Ira Glass, a bridgeable gap and writing crap

There is a certain kind of joy in being part of the social media age because, among the rank garbage and fluffy kitten videos, you occasionally stumble on something worthwhile that plants a seed or reinforces an idea you have. Or maybe it simply represents a truth that gets lost down the ‘back of the sofa’ of your mind.

So it is with this short video from Ira Glass, the host and producer of radio programme This American Life (which you can listen to on Radio 4 extra I believe, or if not in podcast format – go find it yourselves, you’re clever people). I stumbled on this recently and thought it good enough to share.

It’s a simple argument. When you start writing there’s a gap between your taste (the level of writing you want to be at) and where you actually are (probably somewhere betwixt utter arse gravy and amateurish). And that gap takes a long, long time to narrow. Years in fact. Because of that, many people give up.

But those who don’t, those who go on creating and produce a volume of work, will eventually narrow the gap. Spoiler alert – that ‘volume of work’ will contain many, many pages of dreadful prose whose only function will as excrement used to fertilise better work.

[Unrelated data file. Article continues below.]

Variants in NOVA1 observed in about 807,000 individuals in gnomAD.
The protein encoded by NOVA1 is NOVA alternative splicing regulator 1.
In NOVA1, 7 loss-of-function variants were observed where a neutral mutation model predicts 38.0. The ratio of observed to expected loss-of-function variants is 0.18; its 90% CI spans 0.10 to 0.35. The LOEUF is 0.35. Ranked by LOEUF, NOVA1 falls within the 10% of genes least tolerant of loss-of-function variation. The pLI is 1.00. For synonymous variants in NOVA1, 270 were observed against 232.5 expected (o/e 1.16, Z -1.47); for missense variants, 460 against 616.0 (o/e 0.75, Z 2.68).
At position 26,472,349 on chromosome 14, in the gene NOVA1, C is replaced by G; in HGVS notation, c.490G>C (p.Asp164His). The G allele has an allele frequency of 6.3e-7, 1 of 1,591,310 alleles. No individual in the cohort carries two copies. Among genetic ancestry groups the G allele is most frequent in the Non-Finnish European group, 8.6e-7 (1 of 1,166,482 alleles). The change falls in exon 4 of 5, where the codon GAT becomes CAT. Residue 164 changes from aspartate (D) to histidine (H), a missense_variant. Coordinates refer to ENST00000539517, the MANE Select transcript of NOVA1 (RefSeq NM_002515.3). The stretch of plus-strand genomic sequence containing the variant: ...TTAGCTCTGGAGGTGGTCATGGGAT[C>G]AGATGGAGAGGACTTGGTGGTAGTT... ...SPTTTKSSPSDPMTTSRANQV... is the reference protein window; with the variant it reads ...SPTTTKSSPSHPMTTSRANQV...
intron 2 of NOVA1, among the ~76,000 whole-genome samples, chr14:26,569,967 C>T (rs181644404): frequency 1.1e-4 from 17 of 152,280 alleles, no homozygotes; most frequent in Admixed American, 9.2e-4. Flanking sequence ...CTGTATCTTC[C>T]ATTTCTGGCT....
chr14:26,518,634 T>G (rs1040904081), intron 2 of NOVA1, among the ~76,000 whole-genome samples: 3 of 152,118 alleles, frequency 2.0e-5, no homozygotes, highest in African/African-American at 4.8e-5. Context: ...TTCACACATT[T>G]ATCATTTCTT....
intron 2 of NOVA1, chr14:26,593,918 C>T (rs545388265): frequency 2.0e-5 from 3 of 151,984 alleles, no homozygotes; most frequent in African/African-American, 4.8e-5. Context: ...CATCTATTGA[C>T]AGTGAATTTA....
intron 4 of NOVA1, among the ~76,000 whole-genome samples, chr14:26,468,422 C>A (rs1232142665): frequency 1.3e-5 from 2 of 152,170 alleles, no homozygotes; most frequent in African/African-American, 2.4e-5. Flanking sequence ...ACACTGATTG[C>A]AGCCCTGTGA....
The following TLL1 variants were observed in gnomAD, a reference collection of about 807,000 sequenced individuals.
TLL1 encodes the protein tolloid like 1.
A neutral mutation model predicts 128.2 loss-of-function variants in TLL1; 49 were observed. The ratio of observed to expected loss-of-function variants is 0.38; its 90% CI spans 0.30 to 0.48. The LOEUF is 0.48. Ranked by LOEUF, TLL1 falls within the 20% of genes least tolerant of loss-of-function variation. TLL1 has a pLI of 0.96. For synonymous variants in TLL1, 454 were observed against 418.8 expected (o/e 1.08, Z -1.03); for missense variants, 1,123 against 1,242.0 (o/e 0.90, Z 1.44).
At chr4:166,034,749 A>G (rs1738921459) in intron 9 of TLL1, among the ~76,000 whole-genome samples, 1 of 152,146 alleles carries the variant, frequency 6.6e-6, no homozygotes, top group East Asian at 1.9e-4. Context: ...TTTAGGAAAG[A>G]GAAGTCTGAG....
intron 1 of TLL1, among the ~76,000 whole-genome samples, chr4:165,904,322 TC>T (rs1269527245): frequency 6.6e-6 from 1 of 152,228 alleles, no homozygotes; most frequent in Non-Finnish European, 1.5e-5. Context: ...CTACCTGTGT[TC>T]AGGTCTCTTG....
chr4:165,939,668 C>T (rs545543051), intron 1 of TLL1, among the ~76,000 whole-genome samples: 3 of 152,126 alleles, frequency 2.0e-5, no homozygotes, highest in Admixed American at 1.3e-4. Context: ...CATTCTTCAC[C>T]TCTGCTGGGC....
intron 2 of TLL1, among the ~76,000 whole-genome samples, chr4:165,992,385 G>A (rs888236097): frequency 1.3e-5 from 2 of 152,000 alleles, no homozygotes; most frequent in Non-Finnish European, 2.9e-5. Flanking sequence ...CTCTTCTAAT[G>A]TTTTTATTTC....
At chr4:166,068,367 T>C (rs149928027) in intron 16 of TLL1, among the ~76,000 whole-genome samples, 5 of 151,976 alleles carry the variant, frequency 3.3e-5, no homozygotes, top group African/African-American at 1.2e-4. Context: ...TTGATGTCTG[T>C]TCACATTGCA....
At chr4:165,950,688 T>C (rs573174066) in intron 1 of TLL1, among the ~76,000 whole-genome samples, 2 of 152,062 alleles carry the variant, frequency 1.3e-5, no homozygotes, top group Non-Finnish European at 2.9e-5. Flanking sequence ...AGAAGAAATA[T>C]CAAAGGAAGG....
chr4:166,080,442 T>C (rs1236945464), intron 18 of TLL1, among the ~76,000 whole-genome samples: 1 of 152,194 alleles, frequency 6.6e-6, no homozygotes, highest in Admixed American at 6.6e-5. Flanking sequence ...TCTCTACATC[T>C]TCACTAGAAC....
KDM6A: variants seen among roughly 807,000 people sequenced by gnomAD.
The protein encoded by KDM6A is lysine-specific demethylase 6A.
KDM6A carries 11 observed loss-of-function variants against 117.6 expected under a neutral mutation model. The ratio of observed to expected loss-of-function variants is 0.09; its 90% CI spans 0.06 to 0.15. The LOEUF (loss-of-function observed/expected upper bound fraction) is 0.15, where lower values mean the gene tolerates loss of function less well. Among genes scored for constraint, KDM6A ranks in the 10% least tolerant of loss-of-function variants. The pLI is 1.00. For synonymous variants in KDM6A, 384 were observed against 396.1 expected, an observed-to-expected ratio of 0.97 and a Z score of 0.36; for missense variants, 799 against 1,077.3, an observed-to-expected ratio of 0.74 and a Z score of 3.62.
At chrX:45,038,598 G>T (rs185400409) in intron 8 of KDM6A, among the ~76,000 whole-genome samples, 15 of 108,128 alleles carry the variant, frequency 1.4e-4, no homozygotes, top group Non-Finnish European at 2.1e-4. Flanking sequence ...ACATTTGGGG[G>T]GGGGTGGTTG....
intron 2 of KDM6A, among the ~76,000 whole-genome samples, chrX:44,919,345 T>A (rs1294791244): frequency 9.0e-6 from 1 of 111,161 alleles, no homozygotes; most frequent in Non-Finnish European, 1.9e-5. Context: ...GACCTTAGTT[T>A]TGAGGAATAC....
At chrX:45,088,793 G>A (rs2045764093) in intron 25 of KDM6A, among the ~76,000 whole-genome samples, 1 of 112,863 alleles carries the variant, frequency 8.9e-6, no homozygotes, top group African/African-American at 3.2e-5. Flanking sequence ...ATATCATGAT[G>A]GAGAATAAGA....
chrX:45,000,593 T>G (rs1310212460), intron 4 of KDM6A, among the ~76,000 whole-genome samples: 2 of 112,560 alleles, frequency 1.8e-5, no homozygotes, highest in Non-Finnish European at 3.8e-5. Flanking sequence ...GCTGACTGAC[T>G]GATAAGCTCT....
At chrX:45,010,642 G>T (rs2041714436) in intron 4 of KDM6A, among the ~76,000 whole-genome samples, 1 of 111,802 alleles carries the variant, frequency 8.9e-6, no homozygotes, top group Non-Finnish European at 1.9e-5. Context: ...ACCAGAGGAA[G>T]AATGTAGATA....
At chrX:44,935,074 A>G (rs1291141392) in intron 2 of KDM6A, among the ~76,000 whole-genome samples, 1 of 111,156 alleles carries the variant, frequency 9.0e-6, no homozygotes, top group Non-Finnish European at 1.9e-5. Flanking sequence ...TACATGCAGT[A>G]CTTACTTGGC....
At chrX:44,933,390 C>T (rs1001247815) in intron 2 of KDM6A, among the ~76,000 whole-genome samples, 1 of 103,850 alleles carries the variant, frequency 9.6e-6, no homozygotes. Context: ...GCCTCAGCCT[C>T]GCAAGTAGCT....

In some ways this applies to pretty much everything. When we learn an instrument, when we take up a new sport, when we try to speak a new language, when we find a new friend or partner, maybe even parenting. The only way to close the gap between where you want to be and where you are is through active learning, patience, trial and error. Lots and lots of error.

And that’s about it. Nothing revolutionary, nothing that most of us don’t know already. But useful, for me to hear, and maybe others too.

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